Thanks.  This board has been incredibly helpful.

 

Link to comment
Share on other sites

After some bad blowups (DFC) and a supposed change in his investment style towards less concentration, what are people's thoughts towards Pabrai and his funds now?  He has reduced his minimum to 1m.  Would you invest your money with him?

 

Obviously I'm a bit biased, but I have no problem recommending Mohnish as an investment manager.  You should be prepared with volatility with any investment manager that focuses on equities, and Mohnish's partners who joined in the last couple of years probably wish they had waited, but long-term he will do very well...he's a bright and humble guy.

 

He's also my friend, but I don't think he needed to change to a less concentrated fund.  He rebounded 50% in the last quarter, and I would suspect if he had stayed the course on his old philosphy of a concentrated portfolio, the rebound would have been even higher.  But an investment manager has to do what he is comfortable with, and a more diverse portfolio gives his partners more comfort.  The volatility in his fund would have probably scared off the more recent investors (last 2-3 years), but the ones that have been with him since the early days understand the fund and they've enjoyed better returns over the long-term.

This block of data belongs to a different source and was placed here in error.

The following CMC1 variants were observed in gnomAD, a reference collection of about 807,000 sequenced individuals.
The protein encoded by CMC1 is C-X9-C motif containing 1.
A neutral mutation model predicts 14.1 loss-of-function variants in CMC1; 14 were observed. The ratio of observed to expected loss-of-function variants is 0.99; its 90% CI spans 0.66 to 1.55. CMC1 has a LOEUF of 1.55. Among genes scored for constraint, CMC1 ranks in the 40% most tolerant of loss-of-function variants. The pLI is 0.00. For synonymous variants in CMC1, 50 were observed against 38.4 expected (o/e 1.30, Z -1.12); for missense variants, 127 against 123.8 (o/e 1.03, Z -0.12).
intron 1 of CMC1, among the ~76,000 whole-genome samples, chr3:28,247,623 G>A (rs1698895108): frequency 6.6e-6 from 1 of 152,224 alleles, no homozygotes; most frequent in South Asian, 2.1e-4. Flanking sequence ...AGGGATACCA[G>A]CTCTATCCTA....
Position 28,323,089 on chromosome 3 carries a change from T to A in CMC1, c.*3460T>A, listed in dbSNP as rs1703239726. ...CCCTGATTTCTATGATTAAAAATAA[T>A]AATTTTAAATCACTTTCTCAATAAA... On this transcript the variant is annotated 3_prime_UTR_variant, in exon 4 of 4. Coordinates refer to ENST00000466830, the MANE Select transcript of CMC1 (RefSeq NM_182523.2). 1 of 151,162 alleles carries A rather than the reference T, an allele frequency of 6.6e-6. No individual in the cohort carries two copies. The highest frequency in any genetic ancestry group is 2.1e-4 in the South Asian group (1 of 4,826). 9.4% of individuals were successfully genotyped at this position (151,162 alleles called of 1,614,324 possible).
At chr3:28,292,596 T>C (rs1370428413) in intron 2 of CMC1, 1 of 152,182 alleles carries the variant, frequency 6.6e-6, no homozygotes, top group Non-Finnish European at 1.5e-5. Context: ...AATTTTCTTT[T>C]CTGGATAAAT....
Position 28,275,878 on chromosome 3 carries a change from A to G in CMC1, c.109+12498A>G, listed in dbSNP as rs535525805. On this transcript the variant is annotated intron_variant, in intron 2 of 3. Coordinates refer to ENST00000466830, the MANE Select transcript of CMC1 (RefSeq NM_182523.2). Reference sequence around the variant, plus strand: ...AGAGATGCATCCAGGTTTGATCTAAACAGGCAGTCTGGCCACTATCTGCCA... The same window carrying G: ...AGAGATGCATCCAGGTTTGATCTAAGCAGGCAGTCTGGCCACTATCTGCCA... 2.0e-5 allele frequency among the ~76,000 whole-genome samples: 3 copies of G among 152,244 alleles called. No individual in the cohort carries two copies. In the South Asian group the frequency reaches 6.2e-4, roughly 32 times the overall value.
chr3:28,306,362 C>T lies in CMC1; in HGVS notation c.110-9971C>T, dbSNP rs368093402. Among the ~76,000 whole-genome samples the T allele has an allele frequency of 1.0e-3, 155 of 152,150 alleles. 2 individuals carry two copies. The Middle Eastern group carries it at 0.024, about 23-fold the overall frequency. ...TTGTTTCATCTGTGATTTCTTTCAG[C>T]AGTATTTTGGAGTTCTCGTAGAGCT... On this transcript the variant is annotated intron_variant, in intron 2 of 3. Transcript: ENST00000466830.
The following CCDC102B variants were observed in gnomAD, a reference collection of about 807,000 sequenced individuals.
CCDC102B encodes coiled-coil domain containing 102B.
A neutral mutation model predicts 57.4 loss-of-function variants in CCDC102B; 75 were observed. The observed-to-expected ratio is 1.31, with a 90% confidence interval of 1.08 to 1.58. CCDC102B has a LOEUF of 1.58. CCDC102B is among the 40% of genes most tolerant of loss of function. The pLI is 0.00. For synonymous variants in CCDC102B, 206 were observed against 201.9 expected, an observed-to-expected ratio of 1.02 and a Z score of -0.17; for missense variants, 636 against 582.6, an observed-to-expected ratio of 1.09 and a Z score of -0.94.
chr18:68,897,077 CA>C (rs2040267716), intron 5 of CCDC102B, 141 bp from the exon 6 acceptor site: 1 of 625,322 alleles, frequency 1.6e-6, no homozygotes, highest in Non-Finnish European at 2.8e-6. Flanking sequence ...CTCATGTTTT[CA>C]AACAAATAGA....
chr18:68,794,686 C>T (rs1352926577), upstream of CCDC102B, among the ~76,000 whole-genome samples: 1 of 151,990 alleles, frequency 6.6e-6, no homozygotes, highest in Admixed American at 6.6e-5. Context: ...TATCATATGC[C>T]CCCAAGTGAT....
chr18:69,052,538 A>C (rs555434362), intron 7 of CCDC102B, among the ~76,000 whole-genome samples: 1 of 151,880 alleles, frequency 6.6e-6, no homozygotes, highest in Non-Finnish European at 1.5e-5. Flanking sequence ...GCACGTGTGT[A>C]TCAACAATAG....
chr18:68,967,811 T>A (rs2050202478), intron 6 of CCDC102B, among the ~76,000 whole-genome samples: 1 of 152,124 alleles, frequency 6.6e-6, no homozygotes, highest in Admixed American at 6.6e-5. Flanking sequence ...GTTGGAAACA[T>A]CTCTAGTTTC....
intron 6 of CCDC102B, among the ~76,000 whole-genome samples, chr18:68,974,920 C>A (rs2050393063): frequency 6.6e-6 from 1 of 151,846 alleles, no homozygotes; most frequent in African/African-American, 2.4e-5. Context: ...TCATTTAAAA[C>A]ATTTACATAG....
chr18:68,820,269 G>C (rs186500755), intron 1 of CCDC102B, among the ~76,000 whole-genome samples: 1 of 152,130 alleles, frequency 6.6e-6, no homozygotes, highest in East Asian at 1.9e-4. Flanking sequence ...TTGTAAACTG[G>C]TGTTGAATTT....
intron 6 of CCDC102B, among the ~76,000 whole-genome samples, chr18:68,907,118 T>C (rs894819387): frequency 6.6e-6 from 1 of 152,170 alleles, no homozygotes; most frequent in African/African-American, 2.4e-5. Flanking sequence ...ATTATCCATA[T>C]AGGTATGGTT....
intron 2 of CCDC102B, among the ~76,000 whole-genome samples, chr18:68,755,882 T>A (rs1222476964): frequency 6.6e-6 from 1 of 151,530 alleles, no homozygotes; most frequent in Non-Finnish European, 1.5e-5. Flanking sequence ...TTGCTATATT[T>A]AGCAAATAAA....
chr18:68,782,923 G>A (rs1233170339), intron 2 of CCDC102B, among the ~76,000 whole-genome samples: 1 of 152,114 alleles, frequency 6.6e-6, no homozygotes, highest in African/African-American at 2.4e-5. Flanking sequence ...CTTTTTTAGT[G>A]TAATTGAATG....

The problem is, that a more diverse portfolio doesn't necessarily reduce volatility, if you continue to have correlated risk or you have a broad market decline like we saw in 2008.  Ask Bill Miller or a host of other managers who had greater than 20+ positions.  The problem was correlated risk and not enough cash holdings, not the concentration of the portfolio.

 

I'm very impressed with his fee structure (as far as I know, the only fund still using the old Buffett structure).

 

No, there are a number of funds that use the same fee structure these days.  The Lion Fund, Dardashti Capital, Braewick Capital, Lindmark Capital, Chanticleeer Advisors, Pacific Vista, us at the MPIC Funds...the list goes on and on!  Cheers!